Parsing multilingual email with Python

The email module in the Python standard library provides just about everything you need to parse multilingual emails with Python. There are a few traps, however, that can catch the unaware and unwary.

Parsing an email message

The email module provides a couple of handy functions for parsing email: message_from_string and message_from_file. Both functions return a Message instance, taking a string and a file as input, respectively. Below, I'll assume that you've got yourself an email message using one of these functions.

The headers

"Internationalized" headers — headers containing other than ASCII characters — use a special 7-bit encoding defined by RFC 2822. What this means is that headers with Japanese and other text will have funny-looking values like this:

From: =?iso-2022-jp?b?GyRCRW1CQE86GyhCIDxtb21vQHRhcm8ubmUuanA=?=
Subject: =?iso-2022-jp?b?GyRCS1xGfCRPQDJFNyRKJGobKEI=?=


You can access the headers of an email like a dictionary. So, given the above "email" as a string named text, we get the headers like this:

>>> msg = email.message_from_string(text)
>>> msg["from"]
>>> msg["to"]
>>> msg["subject"]
>>> print msg["nonexistent-field"]

The email.header module provides a convenient function for decoding this gobbledygook named, appropriately enough, decode_header. decode_header takes an internationalized header and returns a list of pairs, each pair consisting of a text string and an encoding. We can then glue these strings back together to reconstruct the header as a Unicode string. Here's a function that does that:

from email.header import decode_header

def getheader(header_text, default="ascii"):
    """Decode the specified header"""

    headers = decode_header(header_text)
    header_sections = [unicode(text, charset or default)
                       for text, charset in headers]
    return u"".join(header_sections)

Here's the code in action:

>>> text = "=?iso-2022-jp?b?GyRCS1xGfCRPQDJFNyRKJGobKEI=?="
>>> print getheader(text)
>>> text = "=?iso-2022-jp?b?GyRCRW1CQE86GyhCIDxtb21vQHRhcm8ubmUuanA+?="
>>> print getheader(text)
桃太郎 <>

The body

To get the text part of the email body, use the Message.get_payload method. But there's a catch: if the email is single-part (like the example above), then get_payload will return a string. If the message is multipart, then you've got to specify which part of the payload you want (or use a method to iterate the payloads). To find out if the message is multipart, use its is_multipart method.

Luckily, the email.Iterators module gives us the handy function typed_subpart_iterator, which we can use to iterate through the payloads we want (in this case those of type "text/plain").

Another thing to watch out for is how the encoding of the email is declared. There are two methods to show the encoding: get_content_charset and get_charset. get_content_charset is preferred. When you have a multipart email, each payload may have its own encoding. Furthermore, some email programs don't bother to set any encoding at all. To be robust, you've got to be prepared for all of this.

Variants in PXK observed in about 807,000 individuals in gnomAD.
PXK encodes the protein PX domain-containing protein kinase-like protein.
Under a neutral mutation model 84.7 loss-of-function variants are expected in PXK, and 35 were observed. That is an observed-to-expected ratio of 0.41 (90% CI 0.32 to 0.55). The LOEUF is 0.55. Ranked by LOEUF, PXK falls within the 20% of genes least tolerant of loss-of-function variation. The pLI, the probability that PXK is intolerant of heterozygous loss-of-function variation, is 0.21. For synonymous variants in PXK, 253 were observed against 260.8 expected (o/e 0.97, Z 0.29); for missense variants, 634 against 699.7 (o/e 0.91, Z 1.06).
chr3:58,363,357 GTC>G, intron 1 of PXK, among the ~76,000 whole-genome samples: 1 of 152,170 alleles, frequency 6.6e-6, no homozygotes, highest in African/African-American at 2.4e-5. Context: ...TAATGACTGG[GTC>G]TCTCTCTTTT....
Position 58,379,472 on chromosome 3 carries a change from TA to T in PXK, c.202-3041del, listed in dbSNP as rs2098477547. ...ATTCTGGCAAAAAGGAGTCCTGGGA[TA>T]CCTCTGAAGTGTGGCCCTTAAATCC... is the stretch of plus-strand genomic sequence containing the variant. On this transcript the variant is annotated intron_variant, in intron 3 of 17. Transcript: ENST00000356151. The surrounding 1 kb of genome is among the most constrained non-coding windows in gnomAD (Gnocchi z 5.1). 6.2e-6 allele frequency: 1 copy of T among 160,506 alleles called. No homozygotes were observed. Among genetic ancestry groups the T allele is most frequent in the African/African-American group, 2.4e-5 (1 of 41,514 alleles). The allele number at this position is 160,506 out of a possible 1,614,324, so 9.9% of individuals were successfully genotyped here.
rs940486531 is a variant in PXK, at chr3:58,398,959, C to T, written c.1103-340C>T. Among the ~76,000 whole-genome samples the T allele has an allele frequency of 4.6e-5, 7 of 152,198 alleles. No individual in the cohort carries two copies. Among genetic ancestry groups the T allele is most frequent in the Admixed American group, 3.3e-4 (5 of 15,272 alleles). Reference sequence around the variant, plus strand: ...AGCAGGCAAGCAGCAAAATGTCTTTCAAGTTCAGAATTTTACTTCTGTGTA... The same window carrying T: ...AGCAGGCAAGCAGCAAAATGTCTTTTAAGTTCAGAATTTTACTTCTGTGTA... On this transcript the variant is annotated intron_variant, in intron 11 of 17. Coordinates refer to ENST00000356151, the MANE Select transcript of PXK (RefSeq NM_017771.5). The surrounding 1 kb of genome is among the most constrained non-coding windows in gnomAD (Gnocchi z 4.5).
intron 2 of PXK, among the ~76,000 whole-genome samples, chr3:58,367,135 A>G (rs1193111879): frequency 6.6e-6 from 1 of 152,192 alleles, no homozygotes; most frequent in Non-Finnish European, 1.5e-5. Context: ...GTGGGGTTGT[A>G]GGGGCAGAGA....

Here are a couple of functions that pull this all together.

from email.Iterators import typed_subpart_iterator

def get_charset(message, default="ascii"):
    """Get the message charset"""

    if message.get_content_charset():
        return message.get_content_charset()

    if message.get_charset():
        return message.get_charset()

    return default

def get_body(message):
    """Get the body of the email message"""

    if message.is_multipart():
        #get the plain text version only
        text_parts = [part
                      for part in typed_subpart_iterator(message,
        body = []
        for part in text_parts:
            charset = get_charset(part, get_charset(message))

        return u"\n".join(body).strip()

    else: # if it is not multipart, the payload will be a string
          # representing the message body
        body = unicode(message.get_payload(decode=True),
        return body.strip()

Calling get_payload with decode=True is very important when you've got a single-part email, because that will decode base64-encoded emails for you. Another caveat is that setting decode to True with a multipart message will cause get_payload to return None…

Edit:Following a suggestion in the comments, I changed the get_payload call on the parts, setting decode=True.

Now you're ready to parse multilingual email for your own nefarious purposes (like maintaining an archive of email messages…)

16 comments to Parsing multilingual email with Python

  • Thanks a lot for your tip about decode_header, it was very useful to me.

    However, decode_header fails to recognize the encoding if it’s inside quotations marks (e.g. ‘”=?iso-2022-jp?b?GyRCS1xGfCRPQDJFNyRKJGobKEI=?=”‘). This is common in gmail “From” header… Removing the quotation marks solves the problem.

  • The examples here are great! They work out of the box, And they give you an idea on where to start in order to look in deeper into things.

    Thanks a lot!